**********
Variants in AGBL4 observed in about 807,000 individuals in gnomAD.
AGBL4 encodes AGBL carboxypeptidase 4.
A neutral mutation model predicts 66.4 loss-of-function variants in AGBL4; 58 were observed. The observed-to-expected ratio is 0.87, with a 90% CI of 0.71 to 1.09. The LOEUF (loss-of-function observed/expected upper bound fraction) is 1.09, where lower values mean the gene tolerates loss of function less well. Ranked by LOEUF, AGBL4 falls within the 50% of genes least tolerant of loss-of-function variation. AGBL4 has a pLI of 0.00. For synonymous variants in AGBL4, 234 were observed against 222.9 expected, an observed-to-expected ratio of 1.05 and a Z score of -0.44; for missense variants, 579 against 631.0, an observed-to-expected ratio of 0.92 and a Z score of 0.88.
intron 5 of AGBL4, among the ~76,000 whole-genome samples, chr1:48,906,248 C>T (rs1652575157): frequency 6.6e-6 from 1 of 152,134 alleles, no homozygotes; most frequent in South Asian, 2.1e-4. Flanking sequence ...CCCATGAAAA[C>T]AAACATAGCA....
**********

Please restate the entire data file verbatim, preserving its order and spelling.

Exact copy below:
Variants in AGBL4 observed in about 807,000 individuals in gnomAD.
AGBL4 encodes AGBL carboxypeptidase 4.
A neutral mutation model predicts 66.4 loss-of-function variants in AGBL4; 58 were observed. The observed-to-expected ratio is 0.87, with a 90% CI of 0.71 to 1.09. The LOEUF (loss-of-function observed/expected upper bound fraction) is 1.09, where lower values mean the gene tolerates loss of function less well. Ranked by LOEUF, AGBL4 falls within the 50% of genes least tolerant of loss-of-function variation. AGBL4 has a pLI of 0.00. For synonymous variants in AGBL4, 234 were observed against 222.9 expected, an observed-to-expected ratio of 1.05 and a Z score of -0.44; for missense variants, 579 against 631.0, an observed-to-expected ratio of 0.92 and a Z score of 0.88.
intron 5 of AGBL4, among the ~76,000 whole-genome samples, chr1:48,906,248 C>T (rs1652575157): frequency 6.6e-6 from 1 of 152,134 alleles, no homozygotes; most frequent in South Asian, 2.1e-4. Flanking sequence ...CCCATGAAAA[C>T]AAACATAGCA....